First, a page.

To be honest, I thought Dance With Dragons was one of GRRM’s worst books to date; it just…I mean, I loved the plot Jon Connington and ‘Griff’ especially, but come on – the writing was mediocre for him and some scenes were on a par with Myrish Swamp.

    The Heroes was my second-favourite fantasy book of the year. Should be higher, but us readers be squeamish.

  • JonathanL says:

    Definitely one of the best books I’ve read this year, anda well-deserved mention.

    Dav, I agree about ADWD. It wasn’t a bad book, but after six years of waiting, it was a lot more waiting for the most part. I liked it, but it wasn’t the best book I read this year. Maybe top 5, but below “The Heroes” and “The Magician King” for sure.

    But I don’t do complete lists until I’ve heard everything that I was reasonably interested in from that year. Congratulations to “Best Served Cold”, officially My Favorite Book From 2009.

    As to the purpose of lists, it’s just fun to remember how much you enjoyed the works of art and entertainment you experienced in a given time frame. I like to see how many albums I listened to, how many movies I saw, how many books I read and/or listened to, how many games I played.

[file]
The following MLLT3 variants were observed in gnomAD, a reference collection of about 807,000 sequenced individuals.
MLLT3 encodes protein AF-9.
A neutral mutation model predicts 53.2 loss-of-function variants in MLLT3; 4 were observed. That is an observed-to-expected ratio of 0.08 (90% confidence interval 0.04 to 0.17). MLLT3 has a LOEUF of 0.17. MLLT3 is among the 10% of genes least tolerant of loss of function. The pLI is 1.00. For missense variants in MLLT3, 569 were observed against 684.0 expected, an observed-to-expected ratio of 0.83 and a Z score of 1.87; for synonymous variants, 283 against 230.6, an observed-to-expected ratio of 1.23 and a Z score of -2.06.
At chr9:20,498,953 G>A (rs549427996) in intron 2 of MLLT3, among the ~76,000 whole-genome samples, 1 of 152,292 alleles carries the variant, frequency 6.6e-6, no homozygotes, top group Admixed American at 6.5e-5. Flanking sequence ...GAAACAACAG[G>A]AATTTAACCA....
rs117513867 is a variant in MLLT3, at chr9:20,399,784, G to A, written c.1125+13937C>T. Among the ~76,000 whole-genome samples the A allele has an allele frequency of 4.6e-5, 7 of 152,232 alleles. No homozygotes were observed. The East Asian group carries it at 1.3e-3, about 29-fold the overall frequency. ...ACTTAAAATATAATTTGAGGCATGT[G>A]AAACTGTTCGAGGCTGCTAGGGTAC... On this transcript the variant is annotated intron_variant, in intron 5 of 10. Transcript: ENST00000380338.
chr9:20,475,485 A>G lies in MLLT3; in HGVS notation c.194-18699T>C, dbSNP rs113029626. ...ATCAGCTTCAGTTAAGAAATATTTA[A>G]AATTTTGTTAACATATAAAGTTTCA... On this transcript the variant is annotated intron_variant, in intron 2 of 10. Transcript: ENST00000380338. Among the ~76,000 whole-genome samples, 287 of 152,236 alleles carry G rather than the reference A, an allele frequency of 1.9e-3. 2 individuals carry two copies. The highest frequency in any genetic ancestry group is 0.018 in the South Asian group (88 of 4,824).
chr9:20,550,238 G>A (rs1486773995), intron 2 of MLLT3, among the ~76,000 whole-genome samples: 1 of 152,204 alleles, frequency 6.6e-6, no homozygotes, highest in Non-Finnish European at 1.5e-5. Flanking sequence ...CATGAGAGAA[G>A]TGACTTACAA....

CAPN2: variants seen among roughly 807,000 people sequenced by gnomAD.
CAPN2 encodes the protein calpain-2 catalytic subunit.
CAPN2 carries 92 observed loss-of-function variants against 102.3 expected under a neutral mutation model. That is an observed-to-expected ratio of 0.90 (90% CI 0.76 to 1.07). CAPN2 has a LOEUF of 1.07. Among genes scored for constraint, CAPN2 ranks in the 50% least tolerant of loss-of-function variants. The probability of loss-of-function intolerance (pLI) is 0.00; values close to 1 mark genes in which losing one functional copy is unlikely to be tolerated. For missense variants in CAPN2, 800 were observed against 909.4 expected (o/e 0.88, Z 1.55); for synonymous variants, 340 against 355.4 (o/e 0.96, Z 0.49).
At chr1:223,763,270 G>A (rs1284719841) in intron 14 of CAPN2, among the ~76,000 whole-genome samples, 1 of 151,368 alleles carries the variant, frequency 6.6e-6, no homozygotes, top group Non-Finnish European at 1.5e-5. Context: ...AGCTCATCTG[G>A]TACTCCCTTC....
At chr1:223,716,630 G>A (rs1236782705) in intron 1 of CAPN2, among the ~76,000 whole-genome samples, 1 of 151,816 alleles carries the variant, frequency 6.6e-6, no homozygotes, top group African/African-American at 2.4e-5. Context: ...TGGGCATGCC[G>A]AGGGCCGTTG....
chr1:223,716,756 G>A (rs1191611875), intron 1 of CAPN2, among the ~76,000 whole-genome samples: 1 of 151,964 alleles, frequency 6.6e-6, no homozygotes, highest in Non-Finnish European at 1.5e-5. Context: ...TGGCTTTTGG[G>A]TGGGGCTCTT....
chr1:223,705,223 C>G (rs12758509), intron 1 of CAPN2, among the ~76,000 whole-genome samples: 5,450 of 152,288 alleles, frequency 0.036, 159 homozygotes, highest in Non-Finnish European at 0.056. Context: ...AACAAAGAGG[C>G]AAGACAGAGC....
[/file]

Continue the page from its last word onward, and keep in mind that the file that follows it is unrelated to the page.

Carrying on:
• James says:

    @ Ian. Why do you act like is there something wrong with that? Yeah, clearly such lists exist only as a marketing plot to bring you what’s hot….then again, I got introduced to Joe Abercrombie off such a list. You saying that’s a bad thing? And yeah, people SHOULD read his books, they’re fantastic.

    You just seem to dislike these lists purely because they’re popular, and nothing more, there’s nothing rational behind it. You mention Trainspotting, but Trainspotting wasn’t about hating something just because it was popular, it was more about hating the fact that those facets of life had become obligatory primary goals of peoples lives.

  • Ian says:

    My dislike is aimed towards the fact that there is a trend to make us all like or buy specific products.
    What I object to, is the “must-have” aspect of these lists not the products they contain.
    Additionally, since like and dislike is so much a personal state of mind,I cannot understand how you can measure what I should like and what I should dislike.
    Can you say you like 3 kgs of Joe?
    Or 5 pounds of Martin?

    My mention of Trainspotting was exactly to illustrate that you don’t NEED to buy a specific TV or a specific book in this case.
    Marketing plots are trying to create false “needs” that can only be fullfilled with specific products – in our case you